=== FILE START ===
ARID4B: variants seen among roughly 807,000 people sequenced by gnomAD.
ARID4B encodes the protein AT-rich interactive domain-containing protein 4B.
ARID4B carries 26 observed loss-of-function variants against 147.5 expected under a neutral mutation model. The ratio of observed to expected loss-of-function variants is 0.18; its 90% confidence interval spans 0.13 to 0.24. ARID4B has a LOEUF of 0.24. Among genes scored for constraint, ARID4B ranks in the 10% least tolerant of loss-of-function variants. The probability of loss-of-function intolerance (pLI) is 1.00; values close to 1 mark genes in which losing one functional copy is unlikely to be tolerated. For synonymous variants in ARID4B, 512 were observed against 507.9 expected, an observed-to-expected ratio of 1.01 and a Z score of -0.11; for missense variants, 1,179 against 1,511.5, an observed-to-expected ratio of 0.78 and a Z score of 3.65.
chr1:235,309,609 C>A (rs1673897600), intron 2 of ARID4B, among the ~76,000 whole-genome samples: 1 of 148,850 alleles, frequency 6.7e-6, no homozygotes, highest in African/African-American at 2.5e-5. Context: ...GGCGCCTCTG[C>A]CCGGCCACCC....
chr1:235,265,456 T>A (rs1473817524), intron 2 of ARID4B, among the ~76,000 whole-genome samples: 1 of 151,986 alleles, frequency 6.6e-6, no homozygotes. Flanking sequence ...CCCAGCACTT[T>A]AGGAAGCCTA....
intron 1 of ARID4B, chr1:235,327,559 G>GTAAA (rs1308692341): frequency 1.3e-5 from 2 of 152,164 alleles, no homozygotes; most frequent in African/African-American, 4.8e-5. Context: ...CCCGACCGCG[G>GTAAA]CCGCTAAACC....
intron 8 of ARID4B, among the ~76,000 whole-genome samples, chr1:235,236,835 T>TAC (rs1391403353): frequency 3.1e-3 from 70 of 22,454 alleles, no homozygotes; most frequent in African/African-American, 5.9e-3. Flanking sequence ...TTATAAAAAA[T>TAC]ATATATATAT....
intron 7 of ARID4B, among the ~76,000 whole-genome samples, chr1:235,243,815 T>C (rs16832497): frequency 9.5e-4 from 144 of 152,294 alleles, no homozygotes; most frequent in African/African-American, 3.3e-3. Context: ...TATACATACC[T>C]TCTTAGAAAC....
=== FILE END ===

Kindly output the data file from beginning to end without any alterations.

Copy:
ARID4B: variants seen among roughly 807,000 people sequenced by gnomAD.
ARID4B encodes the protein AT-rich interactive domain-containing protein 4B.
ARID4B carries 26 observed loss-of-function variants against 147.5 expected under a neutral mutation model. The ratio of observed to expected loss-of-function variants is 0.18; its 90% confidence interval spans 0.13 to 0.24. ARID4B has a LOEUF of 0.24. Among genes scored for constraint, ARID4B ranks in the 10% least tolerant of loss-of-function variants. The probability of loss-of-function intolerance (pLI) is 1.00; values close to 1 mark genes in which losing one functional copy is unlikely to be tolerated. For synonymous variants in ARID4B, 512 were observed against 507.9 expected, an observed-to-expected ratio of 1.01 and a Z score of -0.11; for missense variants, 1,179 against 1,511.5, an observed-to-expected ratio of 0.78 and a Z score of 3.65.
chr1:235,309,609 C>A (rs1673897600), intron 2 of ARID4B, among the ~76,000 whole-genome samples: 1 of 148,850 alleles, frequency 6.7e-6, no homozygotes, highest in African/African-American at 2.5e-5. Context: ...GGCGCCTCTG[C>A]CCGGCCACCC....
chr1:235,265,456 T>A (rs1473817524), intron 2 of ARID4B, among the ~76,000 whole-genome samples: 1 of 151,986 alleles, frequency 6.6e-6, no homozygotes. Flanking sequence ...CCCAGCACTT[T>A]AGGAAGCCTA....
intron 1 of ARID4B, chr1:235,327,559 G>GTAAA (rs1308692341): frequency 1.3e-5 from 2 of 152,164 alleles, no homozygotes; most frequent in African/African-American, 4.8e-5. Context: ...CCCGACCGCG[G>GTAAA]CCGCTAAACC....
intron 8 of ARID4B, among the ~76,000 whole-genome samples, chr1:235,236,835 T>TAC (rs1391403353): frequency 3.1e-3 from 70 of 22,454 alleles, no homozygotes; most frequent in African/African-American, 5.9e-3. Flanking sequence ...TTATAAAAAA[T>TAC]ATATATATAT....
intron 7 of ARID4B, among the ~76,000 whole-genome samples, chr1:235,243,815 T>C (rs16832497): frequency 9.5e-4 from 144 of 152,294 alleles, no homozygotes; most frequent in African/African-American, 3.3e-3. Context: ...TATACATACC[T>C]TCTTAGAAAC....